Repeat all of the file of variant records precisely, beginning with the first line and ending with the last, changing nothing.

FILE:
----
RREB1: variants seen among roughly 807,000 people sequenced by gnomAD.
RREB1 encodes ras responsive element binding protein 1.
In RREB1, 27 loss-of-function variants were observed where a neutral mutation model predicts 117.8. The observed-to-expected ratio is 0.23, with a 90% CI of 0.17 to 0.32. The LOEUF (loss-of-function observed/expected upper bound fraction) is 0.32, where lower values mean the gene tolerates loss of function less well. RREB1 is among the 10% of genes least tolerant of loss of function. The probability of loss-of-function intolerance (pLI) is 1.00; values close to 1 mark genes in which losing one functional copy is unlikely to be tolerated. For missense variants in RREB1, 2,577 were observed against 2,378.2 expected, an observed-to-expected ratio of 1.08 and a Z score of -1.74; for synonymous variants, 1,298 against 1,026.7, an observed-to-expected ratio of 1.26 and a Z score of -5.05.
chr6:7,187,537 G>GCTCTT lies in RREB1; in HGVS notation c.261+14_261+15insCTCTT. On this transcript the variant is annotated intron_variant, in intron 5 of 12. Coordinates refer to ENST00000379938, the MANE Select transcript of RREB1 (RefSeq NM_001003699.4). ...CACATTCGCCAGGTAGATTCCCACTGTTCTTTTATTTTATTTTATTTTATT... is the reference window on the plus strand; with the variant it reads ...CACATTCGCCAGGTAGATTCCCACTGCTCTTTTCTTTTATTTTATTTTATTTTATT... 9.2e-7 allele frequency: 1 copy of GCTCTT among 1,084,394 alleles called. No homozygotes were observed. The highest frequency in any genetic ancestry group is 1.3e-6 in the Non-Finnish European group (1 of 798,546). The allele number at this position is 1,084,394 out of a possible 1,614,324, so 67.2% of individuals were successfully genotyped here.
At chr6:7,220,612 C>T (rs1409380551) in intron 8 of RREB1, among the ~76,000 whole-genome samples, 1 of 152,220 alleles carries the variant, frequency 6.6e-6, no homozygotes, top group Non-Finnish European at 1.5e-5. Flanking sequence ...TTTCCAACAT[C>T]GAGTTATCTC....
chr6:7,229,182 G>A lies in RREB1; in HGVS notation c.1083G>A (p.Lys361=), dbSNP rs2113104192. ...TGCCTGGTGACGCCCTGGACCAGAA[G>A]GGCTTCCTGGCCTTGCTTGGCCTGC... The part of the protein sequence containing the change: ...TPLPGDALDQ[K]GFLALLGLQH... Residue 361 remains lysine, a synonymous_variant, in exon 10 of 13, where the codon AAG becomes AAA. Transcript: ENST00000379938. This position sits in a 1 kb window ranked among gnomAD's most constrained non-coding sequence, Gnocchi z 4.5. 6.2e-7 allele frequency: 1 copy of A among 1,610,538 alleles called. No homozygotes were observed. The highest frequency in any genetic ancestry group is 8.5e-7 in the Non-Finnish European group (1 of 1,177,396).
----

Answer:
RREB1: variants seen among roughly 807,000 people sequenced by gnomAD.
RREB1 encodes ras responsive element binding protein 1.
In RREB1, 27 loss-of-function variants were observed where a neutral mutation model predicts 117.8. The observed-to-expected ratio is 0.23, with a 90% CI of 0.17 to 0.32. The LOEUF (loss-of-function observed/expected upper bound fraction) is 0.32, where lower values mean the gene tolerates loss of function less well. RREB1 is among the 10% of genes least tolerant of loss of function. The probability of loss-of-function intolerance (pLI) is 1.00; values close to 1 mark genes in which losing one functional copy is unlikely to be tolerated. For missense variants in RREB1, 2,577 were observed against 2,378.2 expected, an observed-to-expected ratio of 1.08 and a Z score of -1.74; for synonymous variants, 1,298 against 1,026.7, an observed-to-expected ratio of 1.26 and a Z score of -5.05.
chr6:7,187,537 G>GCTCTT lies in RREB1; in HGVS notation c.261+14_261+15insCTCTT. On this transcript the variant is annotated intron_variant, in intron 5 of 12. Coordinates refer to ENST00000379938, the MANE Select transcript of RREB1 (RefSeq NM_001003699.4). ...CACATTCGCCAGGTAGATTCCCACTGTTCTTTTATTTTATTTTATTTTATT... is the reference window on the plus strand; with the variant it reads ...CACATTCGCCAGGTAGATTCCCACTGCTCTTTTCTTTTATTTTATTTTATTTTATT... 9.2e-7 allele frequency: 1 copy of GCTCTT among 1,084,394 alleles called. No homozygotes were observed. The highest frequency in any genetic ancestry group is 1.3e-6 in the Non-Finnish European group (1 of 798,546). The allele number at this position is 1,084,394 out of a possible 1,614,324, so 67.2% of individuals were successfully genotyped here.
At chr6:7,220,612 C>T (rs1409380551) in intron 8 of RREB1, among the ~76,000 whole-genome samples, 1 of 152,220 alleles carries the variant, frequency 6.6e-6, no homozygotes, top group Non-Finnish European at 1.5e-5. Flanking sequence ...TTTCCAACAT[C>T]GAGTTATCTC....
chr6:7,229,182 G>A lies in RREB1; in HGVS notation c.1083G>A (p.Lys361=), dbSNP rs2113104192. ...TGCCTGGTGACGCCCTGGACCAGAA[G>A]GGCTTCCTGGCCTTGCTTGGCCTGC... The part of the protein sequence containing the change: ...TPLPGDALDQ[K]GFLALLGLQH... Residue 361 remains lysine, a synonymous_variant, in exon 10 of 13, where the codon AAG becomes AAA. Transcript: ENST00000379938. This position sits in a 1 kb window ranked among gnomAD's most constrained non-coding sequence, Gnocchi z 4.5. 6.2e-7 allele frequency: 1 copy of A among 1,610,538 alleles called. No homozygotes were observed. The highest frequency in any genetic ancestry group is 8.5e-7 in the Non-Finnish European group (1 of 1,177,396).